Maintain social distancing and keep COViD-19 at bay

Dr. Moses Masika, a lecturer at the University of Nairobi, School of Medicine.

There is need for Kenyans to adjust how they live or work to ensure social distancing is maintained in the wake of coronavirus disease (COViD-19) outbreak.
Already Kenya has 28 confirmed cases of COViD-19 as of 25th March, 2020. When the first confirmed COViD-19 case was reported in Kenya, the the government announced measures to fight the disease and the measures have been continously been reviewed to help stop the spread of the disease.
One of the measures was a ban on all international passenger flights in the country a move Dr. Moses Masika, a lecturer in the Department of Medical Microbiology at the University of Nairobi says was well thought.
"At this point our best chance is to prevent more cases by reducing the number of infected people coming in from other countries,"Dr. Masika says.
According to Dr. Masika, there is also the need to prevent local transmission by isolating the sick and placing exposed persons under quarantine.
"Everyone needs to practice handwashing and environmental hygiene in their personal spaces and also ensure social distancing by avoiding any crowds be they social, religious or work-related,"
He says doing so will ensure that new cases are kept low enough for the country’s health system to handle without the need for extreme social disruption such as a complete shutdown.

Screening for COViD-19
Dr. Masika says screening depends on the context (time and place).
In Kenya, screening is done by assessing exposure and any symptoms of acute respiratory illness.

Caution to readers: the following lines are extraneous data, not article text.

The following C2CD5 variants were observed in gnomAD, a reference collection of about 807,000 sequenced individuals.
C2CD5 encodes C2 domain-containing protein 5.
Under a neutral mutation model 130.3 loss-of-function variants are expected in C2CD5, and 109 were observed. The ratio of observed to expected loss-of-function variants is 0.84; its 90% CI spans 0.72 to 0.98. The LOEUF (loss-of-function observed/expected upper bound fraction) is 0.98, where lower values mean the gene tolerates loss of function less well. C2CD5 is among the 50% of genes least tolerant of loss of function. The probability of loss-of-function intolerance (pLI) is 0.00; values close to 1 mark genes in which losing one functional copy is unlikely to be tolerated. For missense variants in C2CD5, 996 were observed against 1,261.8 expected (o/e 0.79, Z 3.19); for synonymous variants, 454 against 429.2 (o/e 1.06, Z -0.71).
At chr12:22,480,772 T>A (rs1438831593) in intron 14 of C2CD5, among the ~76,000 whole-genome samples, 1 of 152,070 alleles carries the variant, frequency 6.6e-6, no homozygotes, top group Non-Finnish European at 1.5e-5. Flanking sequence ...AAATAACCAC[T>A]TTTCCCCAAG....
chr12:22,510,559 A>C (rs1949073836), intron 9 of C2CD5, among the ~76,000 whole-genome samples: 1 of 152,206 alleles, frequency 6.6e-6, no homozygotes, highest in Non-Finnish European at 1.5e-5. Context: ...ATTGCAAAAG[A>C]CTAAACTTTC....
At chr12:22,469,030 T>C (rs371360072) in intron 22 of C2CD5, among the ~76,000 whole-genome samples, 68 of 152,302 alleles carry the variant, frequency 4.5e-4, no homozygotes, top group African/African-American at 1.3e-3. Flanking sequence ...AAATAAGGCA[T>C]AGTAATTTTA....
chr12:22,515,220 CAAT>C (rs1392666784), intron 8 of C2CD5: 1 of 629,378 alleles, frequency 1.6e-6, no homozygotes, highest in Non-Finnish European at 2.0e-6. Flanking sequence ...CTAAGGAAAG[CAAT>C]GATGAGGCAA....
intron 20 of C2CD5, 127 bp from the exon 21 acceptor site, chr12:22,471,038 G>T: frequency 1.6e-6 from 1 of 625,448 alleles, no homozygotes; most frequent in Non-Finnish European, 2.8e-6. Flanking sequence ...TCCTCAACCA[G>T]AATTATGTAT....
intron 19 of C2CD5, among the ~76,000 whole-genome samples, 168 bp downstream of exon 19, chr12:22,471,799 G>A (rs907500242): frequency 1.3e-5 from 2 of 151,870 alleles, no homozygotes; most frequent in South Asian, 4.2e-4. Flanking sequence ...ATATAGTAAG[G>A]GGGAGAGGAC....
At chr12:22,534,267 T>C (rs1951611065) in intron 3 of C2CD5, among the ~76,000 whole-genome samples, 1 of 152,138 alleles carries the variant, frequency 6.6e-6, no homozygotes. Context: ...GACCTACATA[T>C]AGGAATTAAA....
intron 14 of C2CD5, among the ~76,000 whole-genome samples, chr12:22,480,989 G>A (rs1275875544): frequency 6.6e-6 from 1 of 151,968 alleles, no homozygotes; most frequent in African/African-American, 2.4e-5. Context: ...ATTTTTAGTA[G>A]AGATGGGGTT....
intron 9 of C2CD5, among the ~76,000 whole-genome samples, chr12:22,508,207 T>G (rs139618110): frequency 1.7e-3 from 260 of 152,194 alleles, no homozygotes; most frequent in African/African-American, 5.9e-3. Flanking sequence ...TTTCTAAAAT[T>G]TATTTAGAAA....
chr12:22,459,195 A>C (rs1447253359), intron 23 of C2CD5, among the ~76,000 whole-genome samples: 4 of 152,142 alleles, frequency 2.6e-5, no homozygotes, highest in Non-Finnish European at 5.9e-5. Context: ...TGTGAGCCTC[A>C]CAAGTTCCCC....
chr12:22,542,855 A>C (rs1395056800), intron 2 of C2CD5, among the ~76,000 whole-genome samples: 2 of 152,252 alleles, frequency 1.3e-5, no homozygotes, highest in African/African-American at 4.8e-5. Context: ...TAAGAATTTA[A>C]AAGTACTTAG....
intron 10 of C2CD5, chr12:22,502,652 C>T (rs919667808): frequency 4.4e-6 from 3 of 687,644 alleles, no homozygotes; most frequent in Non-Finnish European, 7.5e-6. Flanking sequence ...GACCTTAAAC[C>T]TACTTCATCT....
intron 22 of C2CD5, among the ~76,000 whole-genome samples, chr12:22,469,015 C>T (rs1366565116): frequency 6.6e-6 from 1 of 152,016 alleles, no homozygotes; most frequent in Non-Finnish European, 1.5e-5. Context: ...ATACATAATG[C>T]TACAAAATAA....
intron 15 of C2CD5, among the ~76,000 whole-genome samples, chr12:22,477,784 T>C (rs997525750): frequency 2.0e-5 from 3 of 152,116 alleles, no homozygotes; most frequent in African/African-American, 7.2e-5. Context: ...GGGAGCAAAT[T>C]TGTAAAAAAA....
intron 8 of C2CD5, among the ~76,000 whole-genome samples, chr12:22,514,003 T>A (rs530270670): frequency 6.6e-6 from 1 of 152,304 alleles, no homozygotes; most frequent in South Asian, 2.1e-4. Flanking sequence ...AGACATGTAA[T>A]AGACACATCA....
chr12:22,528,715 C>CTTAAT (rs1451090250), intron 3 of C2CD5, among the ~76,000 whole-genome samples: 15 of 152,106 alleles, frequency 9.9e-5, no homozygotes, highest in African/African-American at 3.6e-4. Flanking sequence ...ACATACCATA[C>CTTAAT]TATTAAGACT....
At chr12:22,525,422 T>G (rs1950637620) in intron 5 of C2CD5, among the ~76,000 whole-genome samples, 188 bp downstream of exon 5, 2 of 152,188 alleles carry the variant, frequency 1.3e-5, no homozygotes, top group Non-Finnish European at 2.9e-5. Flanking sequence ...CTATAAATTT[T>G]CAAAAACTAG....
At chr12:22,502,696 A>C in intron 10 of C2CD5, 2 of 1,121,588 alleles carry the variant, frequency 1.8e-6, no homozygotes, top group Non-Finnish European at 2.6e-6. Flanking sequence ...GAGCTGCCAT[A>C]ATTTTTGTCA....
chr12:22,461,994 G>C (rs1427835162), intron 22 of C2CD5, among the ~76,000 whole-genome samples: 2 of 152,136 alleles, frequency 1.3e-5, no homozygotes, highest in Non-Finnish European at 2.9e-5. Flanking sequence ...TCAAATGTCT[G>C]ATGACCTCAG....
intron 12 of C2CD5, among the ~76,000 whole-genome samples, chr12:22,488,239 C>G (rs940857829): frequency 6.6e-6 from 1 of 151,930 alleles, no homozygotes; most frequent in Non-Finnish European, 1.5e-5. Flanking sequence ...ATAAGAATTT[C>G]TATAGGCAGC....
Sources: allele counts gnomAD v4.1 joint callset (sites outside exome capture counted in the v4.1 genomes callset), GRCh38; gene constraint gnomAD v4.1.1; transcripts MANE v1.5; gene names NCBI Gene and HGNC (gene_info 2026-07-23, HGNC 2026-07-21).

Exposure could be from travel to an area with widespread transmission of COVID-19 or close contact with anyone who is known or suspected to have COVID-19.
The symptoms include fever, cough, tiredness, headache or sorethroat. A few people may also have difficulty in breathing.
Persons who meet the screening/case criteria then undergo laboratory testing to confirm if they have COVID-19 or not.
This screening criteria is appropriate for Kenya for now as we do not have evidence of widespread/community transmission.
If we progress into community transmission, the screening criteria will need to be reviewed because it would be nearly impossible to determine who has been exposed or not.
In such circumstances we may have to test anyone who presents with a particular set of symptoms (the case definition) with or without evidence of exposure through travel or contact.

The young, the elderly and COViD-19
Studies are still being done to understanda how the virus affects the body and how it responds to it.
Although all age groups, including the young, can get infected with COVID-19, the elderly are more likely to suffer a severe form of the disease which maybe characterized with breathing difficulties, septic shock (dangerously low blood pressure) and organ failure.
This risk has been linked to underlying conditions such as chronic heart or lung diseases, hypertension, diabetes and cancer; which are more prevalent in the elderly.
The elderly are also likely to have a weaker immune system which predisposes them to infection.

Care for COViD-19 patients
Most patients with COVID-19 will recover with little or no medical intervention as they only suffer a mild to moderate illness.
A few patients do require supportive care which involves treatment of fever and pain, fluid supplementation, oxygen therapy and in some instances, mechanical ventilation in ICU.
This is to ensure that the patients are comfortable and to preserve lives of those who are critically ill.
As of 26th March, 2020 at 12:09 GMT 488,055 COViD-19 cases had been reported worldwide, 22,049 deaths had been recorded with 117,603 people having recovered from the disease.

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